genuvarum, or genurecravartum.

Moving to ROM, both actively and passive flexion of the knee was full
without pain. When we moved to extension however , she could not extend
fully and had some pain. Resistive also had the same results.

There was no neurological test or manual muscle test done because of

no complaints of numbness or tingling so we went straight to special test .
First test done was a Varus Stress test where she had slight pain when
performed and the same results when performed at 30 degrees . We also had
her grab her lay down supine and had her grab her leg and have her heel
touch her side (Bartilozzi Test) and she had pain in her lateral joint line . Other

test such as Varus Stress Test, McMurrays Test, and Apleys
Compression/Distraction test were performed but all had negative results .

From these factors we determined it was a Grade 1 LCL sprain and

lateral meniscus tear. I believe this because the clicking, pain with stairs,
positive bartilozzi test, and unable to gain full extension lead me to believe
its a torn lateral meniscus. And her mechanism, location of pain, and
positive varus stress test points toward a grade 1 LCL sprain . We began
exercises to start with extension and fitted her with crutches to use for the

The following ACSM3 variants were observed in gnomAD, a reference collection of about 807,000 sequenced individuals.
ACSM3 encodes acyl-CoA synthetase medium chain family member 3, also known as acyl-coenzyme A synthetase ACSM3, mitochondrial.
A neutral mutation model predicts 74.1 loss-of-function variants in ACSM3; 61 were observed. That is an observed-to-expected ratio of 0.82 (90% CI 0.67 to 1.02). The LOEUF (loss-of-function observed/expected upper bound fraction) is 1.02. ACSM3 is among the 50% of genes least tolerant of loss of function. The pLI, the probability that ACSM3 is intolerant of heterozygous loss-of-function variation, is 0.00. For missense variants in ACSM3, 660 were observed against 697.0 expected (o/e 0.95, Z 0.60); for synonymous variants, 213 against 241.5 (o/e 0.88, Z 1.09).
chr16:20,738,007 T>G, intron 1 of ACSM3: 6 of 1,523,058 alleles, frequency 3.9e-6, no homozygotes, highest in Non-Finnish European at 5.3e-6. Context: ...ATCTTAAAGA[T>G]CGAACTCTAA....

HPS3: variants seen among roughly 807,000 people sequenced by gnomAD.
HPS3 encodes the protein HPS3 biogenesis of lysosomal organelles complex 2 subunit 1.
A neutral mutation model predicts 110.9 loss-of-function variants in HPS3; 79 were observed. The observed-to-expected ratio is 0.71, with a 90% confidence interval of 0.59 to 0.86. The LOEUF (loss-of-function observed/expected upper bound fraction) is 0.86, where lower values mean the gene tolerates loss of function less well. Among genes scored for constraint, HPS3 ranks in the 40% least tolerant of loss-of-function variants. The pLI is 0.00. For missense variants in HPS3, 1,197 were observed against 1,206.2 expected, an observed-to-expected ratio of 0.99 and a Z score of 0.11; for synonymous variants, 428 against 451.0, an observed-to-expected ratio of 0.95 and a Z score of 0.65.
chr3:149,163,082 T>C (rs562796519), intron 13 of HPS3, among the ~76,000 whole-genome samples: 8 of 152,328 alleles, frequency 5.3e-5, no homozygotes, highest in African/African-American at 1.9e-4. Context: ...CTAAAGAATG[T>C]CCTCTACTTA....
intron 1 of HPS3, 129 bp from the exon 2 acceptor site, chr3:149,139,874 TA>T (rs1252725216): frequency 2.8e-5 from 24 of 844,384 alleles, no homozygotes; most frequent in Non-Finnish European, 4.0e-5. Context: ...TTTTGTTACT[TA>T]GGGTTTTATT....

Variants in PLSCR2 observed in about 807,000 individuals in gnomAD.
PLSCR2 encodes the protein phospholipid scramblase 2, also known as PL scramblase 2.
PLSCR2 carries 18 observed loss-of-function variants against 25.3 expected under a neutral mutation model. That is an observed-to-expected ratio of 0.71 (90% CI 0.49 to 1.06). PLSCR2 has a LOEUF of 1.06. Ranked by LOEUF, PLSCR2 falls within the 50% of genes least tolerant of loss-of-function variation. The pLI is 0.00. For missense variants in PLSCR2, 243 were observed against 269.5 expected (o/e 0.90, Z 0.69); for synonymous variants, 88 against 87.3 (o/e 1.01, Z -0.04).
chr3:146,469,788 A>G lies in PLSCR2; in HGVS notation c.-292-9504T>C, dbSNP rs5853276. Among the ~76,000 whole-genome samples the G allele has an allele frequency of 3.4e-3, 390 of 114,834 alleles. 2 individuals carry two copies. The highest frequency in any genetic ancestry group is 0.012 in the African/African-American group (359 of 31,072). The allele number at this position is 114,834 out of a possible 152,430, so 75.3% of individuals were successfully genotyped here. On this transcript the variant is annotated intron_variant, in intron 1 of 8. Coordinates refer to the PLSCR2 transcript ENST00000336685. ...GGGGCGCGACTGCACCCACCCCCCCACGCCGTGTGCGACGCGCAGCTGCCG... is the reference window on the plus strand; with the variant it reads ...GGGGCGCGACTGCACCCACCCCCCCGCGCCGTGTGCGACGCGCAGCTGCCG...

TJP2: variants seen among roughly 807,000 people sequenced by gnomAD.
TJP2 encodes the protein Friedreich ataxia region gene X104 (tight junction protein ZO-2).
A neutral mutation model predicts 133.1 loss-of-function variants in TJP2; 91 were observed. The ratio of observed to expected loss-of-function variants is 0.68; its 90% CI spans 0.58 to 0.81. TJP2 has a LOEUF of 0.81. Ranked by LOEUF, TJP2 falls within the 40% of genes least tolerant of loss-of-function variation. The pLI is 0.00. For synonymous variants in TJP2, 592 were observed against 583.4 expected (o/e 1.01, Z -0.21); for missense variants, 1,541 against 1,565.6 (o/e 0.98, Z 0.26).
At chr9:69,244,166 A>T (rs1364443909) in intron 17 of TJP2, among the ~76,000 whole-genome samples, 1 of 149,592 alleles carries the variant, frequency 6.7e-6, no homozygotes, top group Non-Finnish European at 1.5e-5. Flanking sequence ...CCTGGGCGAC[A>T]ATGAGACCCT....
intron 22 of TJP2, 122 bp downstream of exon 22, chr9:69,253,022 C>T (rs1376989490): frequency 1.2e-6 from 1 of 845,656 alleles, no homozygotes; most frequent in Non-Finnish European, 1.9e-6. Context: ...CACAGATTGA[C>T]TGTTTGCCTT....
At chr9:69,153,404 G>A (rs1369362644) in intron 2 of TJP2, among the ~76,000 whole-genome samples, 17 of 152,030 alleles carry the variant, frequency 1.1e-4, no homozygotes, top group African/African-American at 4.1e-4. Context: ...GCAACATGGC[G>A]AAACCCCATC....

weekend. She was kept out of practice until she regained full extension and
had no more limping.

Her exercises consisted of warming up ten minutes on the bike , then

she would do straight leg raises with no weight for the first day; three sets of
ten. Next, would be passive extension; four sets of thirty . Finally, standing
knee flex; three sets of ten. We would then ice her knee after. The following
day her swelling had went down so we added a five pound ankle weight to
her straight leg raises and standing knee flex . We also added a new exercise
where she laid flat with her knee on the edge of the table with the five-pound
weight on her ankle. We continued this for three more days until she regained
full extension.

We then gave her a LCL tape job for more stability and had her perform
some functional test to determine whether or not she could return to play . We
had her do a box drill where she would sprint up , shuffle to her right, back
pedal, and then shuffle to her left a few time; She had no complaints . We
then had her do some sprinting. Finally we had her do some jumping lay-ups
on each side of the net and had no complaints . We allowed her to return to
practice with the limitations of no scrimmaging yet and she would continue to
come in for treatment. After practice she felt fine with her limitations and the